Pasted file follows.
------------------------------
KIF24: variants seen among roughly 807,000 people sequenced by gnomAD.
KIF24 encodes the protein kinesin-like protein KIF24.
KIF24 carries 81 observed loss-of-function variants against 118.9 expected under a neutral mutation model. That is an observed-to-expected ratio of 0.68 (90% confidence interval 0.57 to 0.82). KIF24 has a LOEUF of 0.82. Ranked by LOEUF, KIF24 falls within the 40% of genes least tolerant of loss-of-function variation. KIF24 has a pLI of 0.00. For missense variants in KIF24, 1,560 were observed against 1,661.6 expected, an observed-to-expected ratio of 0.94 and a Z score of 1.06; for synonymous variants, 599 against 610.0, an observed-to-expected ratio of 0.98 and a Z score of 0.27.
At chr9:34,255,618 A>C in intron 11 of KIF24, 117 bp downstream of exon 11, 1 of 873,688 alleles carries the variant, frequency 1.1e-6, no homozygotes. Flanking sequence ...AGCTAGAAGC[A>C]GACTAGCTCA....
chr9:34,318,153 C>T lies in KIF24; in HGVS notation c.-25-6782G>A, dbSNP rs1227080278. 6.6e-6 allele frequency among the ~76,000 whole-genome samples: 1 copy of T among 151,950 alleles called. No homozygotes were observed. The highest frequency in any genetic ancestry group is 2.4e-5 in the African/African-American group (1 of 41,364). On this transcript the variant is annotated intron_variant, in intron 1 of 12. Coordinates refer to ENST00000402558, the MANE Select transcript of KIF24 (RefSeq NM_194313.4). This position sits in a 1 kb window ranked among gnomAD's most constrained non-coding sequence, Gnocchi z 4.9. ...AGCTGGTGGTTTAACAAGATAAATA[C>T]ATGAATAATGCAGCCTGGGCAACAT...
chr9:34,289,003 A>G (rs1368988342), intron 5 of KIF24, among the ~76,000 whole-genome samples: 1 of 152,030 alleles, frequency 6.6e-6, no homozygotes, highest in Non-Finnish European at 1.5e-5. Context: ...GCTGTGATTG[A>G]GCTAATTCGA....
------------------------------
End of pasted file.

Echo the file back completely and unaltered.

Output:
KIF24: variants seen among roughly 807,000 people sequenced by gnomAD.
KIF24 encodes the protein kinesin-like protein KIF24.
KIF24 carries 81 observed loss-of-function variants against 118.9 expected under a neutral mutation model. That is an observed-to-expected ratio of 0.68 (90% confidence interval 0.57 to 0.82). KIF24 has a LOEUF of 0.82. Ranked by LOEUF, KIF24 falls within the 40% of genes least tolerant of loss-of-function variation. KIF24 has a pLI of 0.00. For missense variants in KIF24, 1,560 were observed against 1,661.6 expected, an observed-to-expected ratio of 0.94 and a Z score of 1.06; for synonymous variants, 599 against 610.0, an observed-to-expected ratio of 0.98 and a Z score of 0.27.
At chr9:34,255,618 A>C in intron 11 of KIF24, 117 bp downstream of exon 11, 1 of 873,688 alleles carries the variant, frequency 1.1e-6, no homozygotes. Flanking sequence ...AGCTAGAAGC[A>C]GACTAGCTCA....
chr9:34,318,153 C>T lies in KIF24; in HGVS notation c.-25-6782G>A, dbSNP rs1227080278. 6.6e-6 allele frequency among the ~76,000 whole-genome samples: 1 copy of T among 151,950 alleles called. No homozygotes were observed. The highest frequency in any genetic ancestry group is 2.4e-5 in the African/African-American group (1 of 41,364). On this transcript the variant is annotated intron_variant, in intron 1 of 12. Coordinates refer to ENST00000402558, the MANE Select transcript of KIF24 (RefSeq NM_194313.4). This position sits in a 1 kb window ranked among gnomAD's most constrained non-coding sequence, Gnocchi z 4.9. ...AGCTGGTGGTTTAACAAGATAAATA[C>T]ATGAATAATGCAGCCTGGGCAACAT...
chr9:34,289,003 A>G (rs1368988342), intron 5 of KIF24, among the ~76,000 whole-genome samples: 1 of 152,030 alleles, frequency 6.6e-6, no homozygotes, highest in Non-Finnish European at 1.5e-5. Context: ...GCTGTGATTG[A>G]GCTAATTCGA....